Baier: It gives you flexibility, and flexibility is the way you stay future-proof. For AR and VR, there's this blend between digital and physical that is really fascinating. And the physical side evolves very slowly compared to the digital side. Think of the car. How often do you switch out the car? Not very often. How often do you get to upgrade the software behind it? As often as you like. So, if you assemble something that can be updated in microcomponents and there's a new service that you can just slip in to your car, that's exciting. That's how you continue to add value … to anything.

I think AR and VR adoption would be impossible … without microservices being the foundation. I think that vendors and solutions that are allowing themselves to have that flexibility are the ones that are going to win. [And] not just in the long term, but even in the short term because they're just more nimble. We're seeing such new technology coming out, [and] being able to plug that in is key.
Sampat: [The Sacramento Kings] are running their fan experience app on our platform. Behind the scenes, there are dozens of microservices running, everything from the ticket mastery guide [to] seat ordering. They're starting to look at VR and AR experiences, [and] they have a few proofs of concept going with some of their VIP guests. But there's something new that comes out almost every week in the VR and AR space, and if they were dependent on something that was more monolithic, they wouldn't be able to incorporate those things and try them out. This way, they can have one game where they're trying out some sort of virtual reality API and test it, and if it goes well, then continue to expand on that. If not, [they can] pull it back out and try something else. It's critical for speed of development and speed of engagement that we build things from the microservices perspective.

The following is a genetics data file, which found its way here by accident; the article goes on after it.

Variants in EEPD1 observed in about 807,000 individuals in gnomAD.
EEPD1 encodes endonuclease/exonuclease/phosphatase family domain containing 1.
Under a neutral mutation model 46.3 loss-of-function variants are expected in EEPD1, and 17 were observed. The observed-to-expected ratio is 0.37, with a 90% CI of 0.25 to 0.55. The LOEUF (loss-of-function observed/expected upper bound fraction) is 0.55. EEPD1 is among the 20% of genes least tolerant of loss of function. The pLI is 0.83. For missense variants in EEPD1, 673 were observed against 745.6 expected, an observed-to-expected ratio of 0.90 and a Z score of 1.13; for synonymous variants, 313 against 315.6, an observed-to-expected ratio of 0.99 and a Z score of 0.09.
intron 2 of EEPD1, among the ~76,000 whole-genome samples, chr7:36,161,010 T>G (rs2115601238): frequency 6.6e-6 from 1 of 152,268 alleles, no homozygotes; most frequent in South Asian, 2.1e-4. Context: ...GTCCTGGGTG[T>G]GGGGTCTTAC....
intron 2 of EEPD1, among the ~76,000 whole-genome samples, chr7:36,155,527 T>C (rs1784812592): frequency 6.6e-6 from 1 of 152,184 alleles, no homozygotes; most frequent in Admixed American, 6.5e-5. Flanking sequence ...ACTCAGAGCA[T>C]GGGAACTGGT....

How are organizations determining if VR applications will add value to their bottom line and that the app their creating isn't just a flash in the pan?
Sampat: Retail is a really good example of this. There are companies that [will have] some sort of a virtual reality showcase. And if it goes well, they'll expand it to various other stores. But the metrics they're looking at [are] user engagement [and] analysis of sentiment. And then, they're actually looking at analytics in terms of propensity to buy. That's an obvious one because it's a direct ROI analysis. But as much as we can, we try to come up with those types of analytics when you're looking at putting a VR use case in place.
And I think, as we continue to experiment more, we're going to have a lot more metrics that help us decide what makes the most sense. On the flip side, you've got use cases around education, trading, medical, which [are] really just about increasing your effectiveness.

Baier: I think avoiding the flash in the pan is going [to] be really difficult. [But] I think, even if 90% of those ideas fizzle, it's helping the ecosystem explore what's possible. It happened to mobile -- there were a lot of ideas that I thought were really cool and fun but ended up not being sustainable or adding business value.

But I do think there's a generation of use cases that we haven't thought of yet, because it is a new technology. There's a lot of experimentation, and I think it's necessary, even if 90% goes away, to find those 10% that are going be amazing.